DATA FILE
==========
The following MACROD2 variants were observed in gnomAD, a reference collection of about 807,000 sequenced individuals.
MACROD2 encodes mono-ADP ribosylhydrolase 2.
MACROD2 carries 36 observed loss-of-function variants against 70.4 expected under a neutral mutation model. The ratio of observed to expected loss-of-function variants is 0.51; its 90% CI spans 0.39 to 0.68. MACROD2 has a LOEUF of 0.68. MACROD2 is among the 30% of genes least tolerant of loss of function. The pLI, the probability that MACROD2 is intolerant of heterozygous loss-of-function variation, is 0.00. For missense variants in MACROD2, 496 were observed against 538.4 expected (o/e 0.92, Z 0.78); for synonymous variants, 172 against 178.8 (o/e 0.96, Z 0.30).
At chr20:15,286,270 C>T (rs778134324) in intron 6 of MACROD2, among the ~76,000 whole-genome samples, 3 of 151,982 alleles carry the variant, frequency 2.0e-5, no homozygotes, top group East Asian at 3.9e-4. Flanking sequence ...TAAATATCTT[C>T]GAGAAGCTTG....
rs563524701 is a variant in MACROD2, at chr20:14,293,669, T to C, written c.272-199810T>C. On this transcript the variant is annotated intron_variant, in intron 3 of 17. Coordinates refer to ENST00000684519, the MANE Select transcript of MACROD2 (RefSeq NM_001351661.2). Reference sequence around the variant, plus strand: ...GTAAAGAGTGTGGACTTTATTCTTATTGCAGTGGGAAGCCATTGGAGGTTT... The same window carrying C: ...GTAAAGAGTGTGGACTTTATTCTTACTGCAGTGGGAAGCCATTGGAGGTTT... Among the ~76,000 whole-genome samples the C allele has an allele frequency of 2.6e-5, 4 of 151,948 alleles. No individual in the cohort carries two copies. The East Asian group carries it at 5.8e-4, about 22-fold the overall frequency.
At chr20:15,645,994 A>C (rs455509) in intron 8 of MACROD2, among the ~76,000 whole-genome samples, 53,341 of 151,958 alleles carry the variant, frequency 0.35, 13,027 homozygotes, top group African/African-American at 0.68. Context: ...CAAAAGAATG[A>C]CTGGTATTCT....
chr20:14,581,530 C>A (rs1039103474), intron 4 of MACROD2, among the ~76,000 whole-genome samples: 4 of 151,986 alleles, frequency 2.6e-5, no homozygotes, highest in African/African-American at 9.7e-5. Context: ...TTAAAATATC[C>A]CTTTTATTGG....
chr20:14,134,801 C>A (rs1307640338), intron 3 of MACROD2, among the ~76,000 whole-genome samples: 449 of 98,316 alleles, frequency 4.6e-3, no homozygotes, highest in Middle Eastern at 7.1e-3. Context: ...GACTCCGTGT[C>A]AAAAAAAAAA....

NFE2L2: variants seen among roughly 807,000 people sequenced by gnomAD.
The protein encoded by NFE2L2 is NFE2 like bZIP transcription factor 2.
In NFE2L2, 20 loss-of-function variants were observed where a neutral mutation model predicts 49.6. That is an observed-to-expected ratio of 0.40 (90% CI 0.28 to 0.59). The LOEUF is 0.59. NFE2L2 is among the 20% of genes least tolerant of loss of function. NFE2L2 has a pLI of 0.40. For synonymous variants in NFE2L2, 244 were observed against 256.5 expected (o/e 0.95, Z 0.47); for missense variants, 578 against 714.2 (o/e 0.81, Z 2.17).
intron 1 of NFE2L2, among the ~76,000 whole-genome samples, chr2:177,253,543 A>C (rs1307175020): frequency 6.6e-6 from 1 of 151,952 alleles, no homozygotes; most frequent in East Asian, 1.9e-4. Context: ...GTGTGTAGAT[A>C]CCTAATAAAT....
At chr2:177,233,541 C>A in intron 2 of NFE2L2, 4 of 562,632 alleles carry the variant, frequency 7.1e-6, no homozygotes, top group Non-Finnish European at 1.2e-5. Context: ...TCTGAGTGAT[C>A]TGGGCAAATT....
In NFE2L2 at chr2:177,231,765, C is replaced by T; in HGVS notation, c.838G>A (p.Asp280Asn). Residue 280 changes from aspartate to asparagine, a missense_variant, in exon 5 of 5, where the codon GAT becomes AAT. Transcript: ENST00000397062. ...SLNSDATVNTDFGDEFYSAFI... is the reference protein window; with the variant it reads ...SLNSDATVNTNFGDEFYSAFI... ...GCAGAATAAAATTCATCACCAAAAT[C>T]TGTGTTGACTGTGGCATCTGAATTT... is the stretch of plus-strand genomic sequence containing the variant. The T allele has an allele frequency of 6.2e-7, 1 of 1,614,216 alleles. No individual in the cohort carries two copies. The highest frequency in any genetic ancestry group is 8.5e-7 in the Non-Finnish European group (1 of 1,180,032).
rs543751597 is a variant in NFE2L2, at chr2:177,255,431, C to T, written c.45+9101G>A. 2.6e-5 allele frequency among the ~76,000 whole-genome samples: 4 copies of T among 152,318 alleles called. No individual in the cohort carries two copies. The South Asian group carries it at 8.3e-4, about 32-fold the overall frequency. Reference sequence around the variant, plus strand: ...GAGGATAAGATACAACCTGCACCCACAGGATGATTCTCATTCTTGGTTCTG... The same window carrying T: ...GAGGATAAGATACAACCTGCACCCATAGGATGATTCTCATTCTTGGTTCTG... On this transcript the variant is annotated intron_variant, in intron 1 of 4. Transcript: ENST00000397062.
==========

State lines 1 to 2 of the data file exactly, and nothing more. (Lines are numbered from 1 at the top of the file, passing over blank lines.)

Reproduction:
The following MACROD2 variants were observed in gnomAD, a reference collection of about 807,000 sequenced individuals.
MACROD2 encodes mono-ADP ribosylhydrolase 2.